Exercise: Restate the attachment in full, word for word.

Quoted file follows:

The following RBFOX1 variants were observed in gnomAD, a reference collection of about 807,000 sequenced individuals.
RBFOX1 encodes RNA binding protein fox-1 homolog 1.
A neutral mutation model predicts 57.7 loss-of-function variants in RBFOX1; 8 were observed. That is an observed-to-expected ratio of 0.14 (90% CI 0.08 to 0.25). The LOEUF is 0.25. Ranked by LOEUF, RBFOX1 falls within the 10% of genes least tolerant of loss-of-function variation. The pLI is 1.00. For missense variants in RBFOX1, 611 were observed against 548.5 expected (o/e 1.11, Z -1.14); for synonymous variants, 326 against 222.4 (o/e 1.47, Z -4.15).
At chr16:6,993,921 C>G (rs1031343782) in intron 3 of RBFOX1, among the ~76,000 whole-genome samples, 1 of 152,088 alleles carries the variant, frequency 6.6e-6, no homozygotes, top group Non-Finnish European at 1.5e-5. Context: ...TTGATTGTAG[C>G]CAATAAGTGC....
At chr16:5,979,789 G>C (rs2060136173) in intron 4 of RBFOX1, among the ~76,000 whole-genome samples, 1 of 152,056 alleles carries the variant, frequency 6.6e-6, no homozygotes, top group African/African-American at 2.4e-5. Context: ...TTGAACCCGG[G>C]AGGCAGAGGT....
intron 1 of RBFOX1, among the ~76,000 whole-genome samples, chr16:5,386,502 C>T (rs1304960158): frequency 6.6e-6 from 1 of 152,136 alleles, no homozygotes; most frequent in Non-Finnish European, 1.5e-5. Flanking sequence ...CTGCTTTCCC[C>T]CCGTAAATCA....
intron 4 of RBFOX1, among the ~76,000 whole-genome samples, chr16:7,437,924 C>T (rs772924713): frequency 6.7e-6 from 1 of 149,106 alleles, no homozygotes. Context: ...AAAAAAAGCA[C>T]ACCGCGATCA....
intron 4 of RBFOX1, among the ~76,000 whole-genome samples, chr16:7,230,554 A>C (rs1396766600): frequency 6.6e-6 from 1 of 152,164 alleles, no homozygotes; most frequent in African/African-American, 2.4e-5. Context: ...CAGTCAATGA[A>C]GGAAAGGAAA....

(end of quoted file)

The following RBFOX1 variants were observed in gnomAD, a reference collection of about 807,000 sequenced individuals.
RBFOX1 encodes RNA binding protein fox-1 homolog 1.
A neutral mutation model predicts 57.7 loss-of-function variants in RBFOX1; 8 were observed. That is an observed-to-expected ratio of 0.14 (90% CI 0.08 to 0.25). The LOEUF is 0.25. Ranked by LOEUF, RBFOX1 falls within the 10% of genes least tolerant of loss-of-function variation. The pLI is 1.00. For missense variants in RBFOX1, 611 were observed against 548.5 expected (o/e 1.11, Z -1.14); for synonymous variants, 326 against 222.4 (o/e 1.47, Z -4.15).
At chr16:6,993,921 C>G (rs1031343782) in intron 3 of RBFOX1, among the ~76,000 whole-genome samples, 1 of 152,088 alleles carries the variant, frequency 6.6e-6, no homozygotes, top group Non-Finnish European at 1.5e-5. Context: ...TTGATTGTAG[C>G]CAATAAGTGC....
At chr16:5,979,789 G>C (rs2060136173) in intron 4 of RBFOX1, among the ~76,000 whole-genome samples, 1 of 152,056 alleles carries the variant, frequency 6.6e-6, no homozygotes, top group African/African-American at 2.4e-5. Context: ...TTGAACCCGG[G>C]AGGCAGAGGT....
intron 1 of RBFOX1, among the ~76,000 whole-genome samples, chr16:5,386,502 C>T (rs1304960158): frequency 6.6e-6 from 1 of 152,136 alleles, no homozygotes; most frequent in Non-Finnish European, 1.5e-5. Flanking sequence ...CTGCTTTCCC[C>T]CCGTAAATCA....
intron 4 of RBFOX1, among the ~76,000 whole-genome samples, chr16:7,437,924 C>T (rs772924713): frequency 6.7e-6 from 1 of 149,106 alleles, no homozygotes. Context: ...AAAAAAAGCA[C>T]ACCGCGATCA....
intron 4 of RBFOX1, among the ~76,000 whole-genome samples, chr16:7,230,554 A>C (rs1396766600): frequency 6.6e-6 from 1 of 152,164 alleles, no homozygotes; most frequent in African/African-American, 2.4e-5. Context: ...CAGTCAATGA[A>C]GGAAAGGAAA....